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Date: -- (:)
From: Gerd Stolpmann <info@g...>
Subject: RE: [Caml-list] Web Development with OCaml
On Wed, 11 Jul 2001, Francois Rouaix wrote:
>Also, I had doubts about the usefulness of a mod_ocaml. In practice (meaning
>in the real .com world, where I was working at the time), one uses multiple
>tier architectures. And you want something in the frontend that is simple
>that non-real programmers can still tweak; something that only does layout,
>no logic.

A good comment. I am currently doing web development, and from my experience the
separation of layout and logic is very useful for real-world projects. Not only
because non-programmers can contribute, but also because of general
maintainability (customers often want only layout changes).

200 requests per second for a web application? Well, I must admit that my web
apps are much slower, maybe you can get 5 rps on a single CPU. But my
applications are very complex, and a clean design was more important than
speed. So I think a high-speed web platform isn't what I need.

My apps are always mixtures of languages and principles. Most of them use Perl
scripts to describe the front-logic, O'Caml as powerful background engine, and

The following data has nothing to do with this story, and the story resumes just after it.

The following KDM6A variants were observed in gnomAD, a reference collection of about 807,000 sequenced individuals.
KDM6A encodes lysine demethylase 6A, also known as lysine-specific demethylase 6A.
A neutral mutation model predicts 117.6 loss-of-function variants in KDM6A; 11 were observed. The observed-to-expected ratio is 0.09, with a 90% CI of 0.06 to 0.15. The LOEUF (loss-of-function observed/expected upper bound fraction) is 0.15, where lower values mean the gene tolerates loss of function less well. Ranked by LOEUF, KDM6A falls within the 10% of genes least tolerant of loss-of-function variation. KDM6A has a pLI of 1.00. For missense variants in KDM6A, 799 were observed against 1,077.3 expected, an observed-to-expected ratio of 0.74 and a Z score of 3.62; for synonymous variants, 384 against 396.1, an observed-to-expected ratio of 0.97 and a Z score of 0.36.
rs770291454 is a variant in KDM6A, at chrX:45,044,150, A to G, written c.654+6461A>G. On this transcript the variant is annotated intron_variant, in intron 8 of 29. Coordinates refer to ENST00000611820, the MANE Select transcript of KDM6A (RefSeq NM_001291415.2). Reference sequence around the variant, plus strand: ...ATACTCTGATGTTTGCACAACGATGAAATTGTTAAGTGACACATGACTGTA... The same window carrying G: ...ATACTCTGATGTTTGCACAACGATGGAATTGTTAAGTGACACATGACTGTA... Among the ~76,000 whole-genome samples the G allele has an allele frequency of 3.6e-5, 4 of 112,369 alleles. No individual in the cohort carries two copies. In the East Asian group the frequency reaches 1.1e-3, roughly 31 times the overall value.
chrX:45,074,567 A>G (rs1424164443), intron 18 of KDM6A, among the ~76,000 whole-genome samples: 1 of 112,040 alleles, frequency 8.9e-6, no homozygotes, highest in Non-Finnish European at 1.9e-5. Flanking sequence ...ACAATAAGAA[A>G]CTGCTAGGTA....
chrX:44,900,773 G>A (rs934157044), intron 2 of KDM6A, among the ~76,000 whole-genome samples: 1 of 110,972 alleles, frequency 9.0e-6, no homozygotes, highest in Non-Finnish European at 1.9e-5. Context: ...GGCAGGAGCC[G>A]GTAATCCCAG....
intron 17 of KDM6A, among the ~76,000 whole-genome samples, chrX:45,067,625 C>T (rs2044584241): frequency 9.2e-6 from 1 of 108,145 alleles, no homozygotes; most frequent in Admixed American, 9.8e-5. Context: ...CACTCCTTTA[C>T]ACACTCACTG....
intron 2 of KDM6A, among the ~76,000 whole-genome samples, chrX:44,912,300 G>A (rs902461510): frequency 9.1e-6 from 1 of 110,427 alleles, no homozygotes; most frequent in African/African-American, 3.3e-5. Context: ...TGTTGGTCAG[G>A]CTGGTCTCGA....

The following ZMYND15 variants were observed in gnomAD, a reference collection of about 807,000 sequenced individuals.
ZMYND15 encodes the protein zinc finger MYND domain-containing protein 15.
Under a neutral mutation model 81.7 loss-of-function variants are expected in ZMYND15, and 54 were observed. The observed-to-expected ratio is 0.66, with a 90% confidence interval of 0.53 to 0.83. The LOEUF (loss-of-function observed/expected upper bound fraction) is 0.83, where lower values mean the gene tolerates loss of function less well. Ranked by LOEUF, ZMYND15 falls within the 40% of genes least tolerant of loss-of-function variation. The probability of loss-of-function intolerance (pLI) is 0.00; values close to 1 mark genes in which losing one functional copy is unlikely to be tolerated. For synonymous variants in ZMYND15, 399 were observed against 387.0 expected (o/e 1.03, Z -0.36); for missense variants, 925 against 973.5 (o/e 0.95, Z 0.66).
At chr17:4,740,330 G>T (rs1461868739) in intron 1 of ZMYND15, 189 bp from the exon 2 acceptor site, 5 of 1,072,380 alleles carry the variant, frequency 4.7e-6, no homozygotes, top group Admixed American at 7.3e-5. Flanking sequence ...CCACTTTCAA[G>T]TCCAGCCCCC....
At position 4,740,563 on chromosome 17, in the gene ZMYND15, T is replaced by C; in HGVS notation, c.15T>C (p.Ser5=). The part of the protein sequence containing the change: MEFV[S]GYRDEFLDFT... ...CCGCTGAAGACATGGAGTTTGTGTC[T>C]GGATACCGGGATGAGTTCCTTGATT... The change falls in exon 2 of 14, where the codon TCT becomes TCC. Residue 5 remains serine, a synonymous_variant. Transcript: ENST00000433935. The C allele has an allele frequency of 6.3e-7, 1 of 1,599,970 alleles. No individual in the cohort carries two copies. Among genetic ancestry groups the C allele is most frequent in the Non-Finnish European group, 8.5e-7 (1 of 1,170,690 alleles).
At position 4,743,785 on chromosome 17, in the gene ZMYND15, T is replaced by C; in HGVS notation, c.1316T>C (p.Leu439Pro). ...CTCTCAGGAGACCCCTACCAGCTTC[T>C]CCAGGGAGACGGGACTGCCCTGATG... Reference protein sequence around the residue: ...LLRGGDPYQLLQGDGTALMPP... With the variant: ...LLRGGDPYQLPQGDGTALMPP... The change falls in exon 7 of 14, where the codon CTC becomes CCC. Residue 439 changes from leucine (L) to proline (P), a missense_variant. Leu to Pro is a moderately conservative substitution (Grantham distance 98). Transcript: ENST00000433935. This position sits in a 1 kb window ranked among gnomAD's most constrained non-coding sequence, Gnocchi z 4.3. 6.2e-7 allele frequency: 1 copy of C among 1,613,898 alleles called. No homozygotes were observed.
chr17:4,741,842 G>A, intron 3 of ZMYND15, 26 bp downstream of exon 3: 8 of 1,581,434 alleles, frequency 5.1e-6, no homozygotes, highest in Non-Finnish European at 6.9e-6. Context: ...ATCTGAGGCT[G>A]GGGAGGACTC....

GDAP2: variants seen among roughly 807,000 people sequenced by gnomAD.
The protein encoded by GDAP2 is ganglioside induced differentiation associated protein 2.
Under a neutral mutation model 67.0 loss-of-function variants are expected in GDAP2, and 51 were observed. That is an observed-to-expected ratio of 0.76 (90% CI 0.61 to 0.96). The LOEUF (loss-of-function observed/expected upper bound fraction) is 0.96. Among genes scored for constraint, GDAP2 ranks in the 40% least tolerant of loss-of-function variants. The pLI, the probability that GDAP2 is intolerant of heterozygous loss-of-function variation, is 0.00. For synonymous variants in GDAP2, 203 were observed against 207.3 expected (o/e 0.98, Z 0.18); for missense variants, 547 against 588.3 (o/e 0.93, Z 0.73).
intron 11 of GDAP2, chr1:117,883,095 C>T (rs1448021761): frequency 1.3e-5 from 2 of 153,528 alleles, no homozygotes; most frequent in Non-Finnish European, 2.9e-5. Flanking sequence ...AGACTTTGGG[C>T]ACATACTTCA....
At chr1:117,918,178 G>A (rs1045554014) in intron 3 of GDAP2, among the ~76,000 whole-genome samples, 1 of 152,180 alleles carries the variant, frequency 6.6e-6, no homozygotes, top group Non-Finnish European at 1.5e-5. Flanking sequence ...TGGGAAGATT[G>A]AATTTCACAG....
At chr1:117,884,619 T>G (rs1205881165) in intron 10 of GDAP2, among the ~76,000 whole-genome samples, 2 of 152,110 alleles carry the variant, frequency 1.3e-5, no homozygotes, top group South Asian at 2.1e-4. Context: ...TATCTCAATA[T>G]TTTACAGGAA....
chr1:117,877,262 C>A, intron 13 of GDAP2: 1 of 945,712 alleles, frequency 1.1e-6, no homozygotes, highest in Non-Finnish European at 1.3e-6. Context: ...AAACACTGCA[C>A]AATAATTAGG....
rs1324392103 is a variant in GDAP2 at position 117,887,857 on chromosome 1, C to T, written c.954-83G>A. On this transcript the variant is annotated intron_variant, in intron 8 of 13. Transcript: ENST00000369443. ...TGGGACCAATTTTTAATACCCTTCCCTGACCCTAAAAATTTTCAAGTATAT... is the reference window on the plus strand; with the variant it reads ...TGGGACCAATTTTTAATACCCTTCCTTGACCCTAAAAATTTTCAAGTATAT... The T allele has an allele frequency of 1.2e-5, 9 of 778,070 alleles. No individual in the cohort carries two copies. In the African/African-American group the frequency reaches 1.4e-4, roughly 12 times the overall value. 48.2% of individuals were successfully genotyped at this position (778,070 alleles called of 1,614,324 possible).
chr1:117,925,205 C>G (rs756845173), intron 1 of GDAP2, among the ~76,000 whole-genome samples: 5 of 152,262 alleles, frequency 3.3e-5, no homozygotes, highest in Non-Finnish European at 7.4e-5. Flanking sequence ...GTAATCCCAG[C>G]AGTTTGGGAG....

XML to describe the layout. Many applications are simply CGIs. If speed did not
suffice, I switched to a simple application server architecture: A CGI program
is the connection between the web server and the application server, and the
latter simply forks for every new request. This works fine, is rock-stable, and
is fast enough (~0.5 seconds request/response time).

I already mentioned earlier this year on this list that I have written an
XML-based template system that makes it easy to separate layout and logic.
Sorry, I have not found the time to release it. I hope I can do it in the next
weeks (my boss is in holidays).

I have further plans with PXP, my XML parser. The idea is to have a camlp4
syntax extension for embedded XML. You can simply write something like

let table_row (a,b) =
  <:xml< <tr><td>This is $a</td><td>And this is $b</td></tr> >>

let table rows =
  <:xml< <table><?list rows?></table> >>

let my_tab =
  table ( table_row ["the first row","another cell"; 
                             "the second row", "nonsense"])

(I am not sure about the syntax.)

A converter from XML to HTML is very simple to write, such that a web app could
dynamically create the XML tree in memory, optionally validate it, and write it
as HTML code. I think that would already simplify web development a lot.

For a complex web application, one needs more library modules. For example a
module that manages the "micro-state" of the application (i.e. the state that
is not stored by the database but simply passed through all requests).
Furthermore modules that help to create and manage HTML widgets.

Gerd Stolpmann      Telefon: +49 6151 997705 (privat)
Viktoriastr. 45             
64293 Darmstadt     EMail:
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